1013. Diabolique (1955)

7.9 Unpredictable
  • Acting 7.9
  • Directing 7.8
  • Story 8.0
  • User Ratings (0 Votes) 0

Starring: Simone Signoret, Véra Clouzot, Paul Meurisse

Director: Henri-Georges Clouzot

Running Time: 115 mins

Diabolique is a French film about two women, unhappy in their relationship with a controlling and abusive man, who set out to murder him, with unexpectedly terrifying consequences coming about as a result of their plans.

Well, this is quite an eerie and unsettling thriller with strong tension present throughout, interesting characters, some pretty scary scenes by 1950s standards, and a stunningly unpredictable climax that will have you on the edge of your seat.

This film is credited as being one of the major influences for the book and film of Psycho, and by watching this, you can easily see where a lot of the ideas and techniques for Hitchcock’s horror classic came from.

One of the most evident similarities is the presence of tension in the story from start to finish. Here, the two main characters are constantly on edge about everything, and it genuinely seems like their whole worlds are about to fall apart at every moment, making this a very exciting thriller throughout, not just a slow-burn story with a strong climax, and that’s a feat that’s pretty difficult to accomplish effectively, which is why Psycho is also so heralded as a landmark in the thriller genre.

What’s more is that our main characters are brilliantly interesting. They’re not just angry women who want to get back at their horrible partner with little reasoning behind it, they’ve got a long story together that makes their thirst to murder this man all the more convincing.

However, these two women still aren’t particularly strong characters. There is a contrast between Simone Signoret’s more held-together character and Véra Clouzot’s more angsty and weak persona, but on the whole, it never seems as if the duo’s plans are entirely foolproof due to the threat of being found out on numerous occasions, heightening the tension even more.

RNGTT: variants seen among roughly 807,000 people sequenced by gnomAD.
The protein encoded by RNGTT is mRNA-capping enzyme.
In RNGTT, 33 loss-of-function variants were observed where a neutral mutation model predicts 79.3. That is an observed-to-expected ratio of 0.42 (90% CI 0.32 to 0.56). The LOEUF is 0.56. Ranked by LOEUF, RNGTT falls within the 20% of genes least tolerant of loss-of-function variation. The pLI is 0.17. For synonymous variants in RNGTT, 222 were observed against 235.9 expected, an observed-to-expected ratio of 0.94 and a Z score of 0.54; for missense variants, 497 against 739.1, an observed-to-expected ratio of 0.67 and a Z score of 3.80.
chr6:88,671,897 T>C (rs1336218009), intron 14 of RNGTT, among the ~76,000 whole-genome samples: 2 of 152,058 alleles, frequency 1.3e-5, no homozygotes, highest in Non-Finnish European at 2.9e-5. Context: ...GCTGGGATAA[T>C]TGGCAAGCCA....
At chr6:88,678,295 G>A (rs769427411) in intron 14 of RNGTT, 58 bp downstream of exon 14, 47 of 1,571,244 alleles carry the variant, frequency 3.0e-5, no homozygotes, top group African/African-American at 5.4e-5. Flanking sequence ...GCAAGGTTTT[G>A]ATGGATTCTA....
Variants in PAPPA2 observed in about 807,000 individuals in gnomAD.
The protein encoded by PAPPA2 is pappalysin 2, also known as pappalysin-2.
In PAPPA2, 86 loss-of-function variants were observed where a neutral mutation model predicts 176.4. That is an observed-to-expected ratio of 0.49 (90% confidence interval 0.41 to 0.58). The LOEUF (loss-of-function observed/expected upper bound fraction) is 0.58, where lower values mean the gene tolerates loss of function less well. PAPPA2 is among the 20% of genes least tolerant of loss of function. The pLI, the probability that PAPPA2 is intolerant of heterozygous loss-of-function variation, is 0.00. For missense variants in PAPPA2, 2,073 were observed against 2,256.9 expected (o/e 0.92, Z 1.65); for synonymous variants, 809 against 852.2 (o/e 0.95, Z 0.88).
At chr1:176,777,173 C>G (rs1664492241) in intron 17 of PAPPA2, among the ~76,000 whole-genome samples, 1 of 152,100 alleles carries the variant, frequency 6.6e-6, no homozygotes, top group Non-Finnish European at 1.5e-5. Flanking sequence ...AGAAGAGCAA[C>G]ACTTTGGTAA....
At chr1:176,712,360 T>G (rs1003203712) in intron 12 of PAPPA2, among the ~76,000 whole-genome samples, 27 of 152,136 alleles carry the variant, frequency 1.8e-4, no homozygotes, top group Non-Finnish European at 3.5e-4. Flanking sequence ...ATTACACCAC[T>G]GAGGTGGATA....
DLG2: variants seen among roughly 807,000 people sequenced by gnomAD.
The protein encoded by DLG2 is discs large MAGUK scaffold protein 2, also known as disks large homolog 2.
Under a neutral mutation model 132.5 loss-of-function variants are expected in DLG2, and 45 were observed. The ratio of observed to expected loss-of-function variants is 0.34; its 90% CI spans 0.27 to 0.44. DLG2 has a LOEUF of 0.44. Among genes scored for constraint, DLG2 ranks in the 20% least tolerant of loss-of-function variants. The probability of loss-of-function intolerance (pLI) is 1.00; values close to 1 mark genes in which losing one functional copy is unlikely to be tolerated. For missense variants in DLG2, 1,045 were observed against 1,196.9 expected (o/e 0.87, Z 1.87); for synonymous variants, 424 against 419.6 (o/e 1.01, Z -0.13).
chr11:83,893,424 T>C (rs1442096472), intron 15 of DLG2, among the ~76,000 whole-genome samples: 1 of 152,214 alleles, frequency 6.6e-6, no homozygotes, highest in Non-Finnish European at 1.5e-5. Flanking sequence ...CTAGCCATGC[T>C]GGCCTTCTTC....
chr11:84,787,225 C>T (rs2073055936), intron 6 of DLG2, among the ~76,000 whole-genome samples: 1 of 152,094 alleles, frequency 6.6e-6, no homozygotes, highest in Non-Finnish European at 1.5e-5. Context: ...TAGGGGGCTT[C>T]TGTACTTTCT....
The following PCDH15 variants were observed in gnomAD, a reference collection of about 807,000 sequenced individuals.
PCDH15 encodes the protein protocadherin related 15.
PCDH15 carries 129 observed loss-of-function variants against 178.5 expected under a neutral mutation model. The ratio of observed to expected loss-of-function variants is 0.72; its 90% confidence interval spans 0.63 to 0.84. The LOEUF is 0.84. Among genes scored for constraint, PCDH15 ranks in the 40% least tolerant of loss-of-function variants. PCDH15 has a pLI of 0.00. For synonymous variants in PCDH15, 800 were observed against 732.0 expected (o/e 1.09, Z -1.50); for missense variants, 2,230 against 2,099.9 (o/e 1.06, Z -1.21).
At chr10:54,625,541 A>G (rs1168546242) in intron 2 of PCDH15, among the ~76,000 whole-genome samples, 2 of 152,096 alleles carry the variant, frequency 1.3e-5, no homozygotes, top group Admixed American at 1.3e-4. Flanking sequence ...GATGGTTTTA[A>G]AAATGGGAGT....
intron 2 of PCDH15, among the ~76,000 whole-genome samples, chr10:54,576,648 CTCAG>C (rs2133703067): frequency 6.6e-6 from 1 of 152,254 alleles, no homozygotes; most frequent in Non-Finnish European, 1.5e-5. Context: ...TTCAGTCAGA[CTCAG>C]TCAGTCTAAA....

Also, for a film released in 1955, this is pretty graphic, with some scary scenes that will still shock audiences from today. Of course, it’s nothing gory, but it’s graphic in a similar sense to Psycho, where the director takes liberties with production codes (although in France, they were a lot more lenient than the US back then) to create a bigger shock value, and it really works in making a scarier, and therefore more intense thriller.

Finally, the climax to this film is excellent. Although it’s still exciting throughout, the story finishes on a shockingly unpredictable note, and one that is definitely worth sitting through two hours to reach.

Overall, this gets a 7.9, due to its excellent tension throughout, interesting but not infallible protagonists, effective shock value and stunning finale, making this a properly exciting watch.


About Author

The Mad Movie Man, AKA Anthony Cullen, writes articles and reviews about movies and the world of cinema. Since January 1st, 2013, he has watched and reviewed a movie every day. This is the blog dedicated to the project: www.madmovieman.com